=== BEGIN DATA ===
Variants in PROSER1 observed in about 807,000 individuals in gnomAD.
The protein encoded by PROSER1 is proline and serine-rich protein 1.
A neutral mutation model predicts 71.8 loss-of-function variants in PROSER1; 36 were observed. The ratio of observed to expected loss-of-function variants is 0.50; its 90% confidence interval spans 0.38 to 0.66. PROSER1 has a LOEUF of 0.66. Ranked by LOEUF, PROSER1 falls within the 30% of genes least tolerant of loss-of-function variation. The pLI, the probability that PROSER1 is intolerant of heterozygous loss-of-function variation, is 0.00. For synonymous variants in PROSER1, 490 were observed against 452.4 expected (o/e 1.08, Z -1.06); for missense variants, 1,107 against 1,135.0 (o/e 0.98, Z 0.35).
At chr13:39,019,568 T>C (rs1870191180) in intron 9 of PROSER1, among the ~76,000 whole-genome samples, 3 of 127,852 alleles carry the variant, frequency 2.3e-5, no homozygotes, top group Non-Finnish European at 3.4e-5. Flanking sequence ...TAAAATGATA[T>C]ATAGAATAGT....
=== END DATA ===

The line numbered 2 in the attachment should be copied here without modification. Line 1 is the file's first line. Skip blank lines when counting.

The protein encoded by PROSER1 is proline and serine-rich protein 1.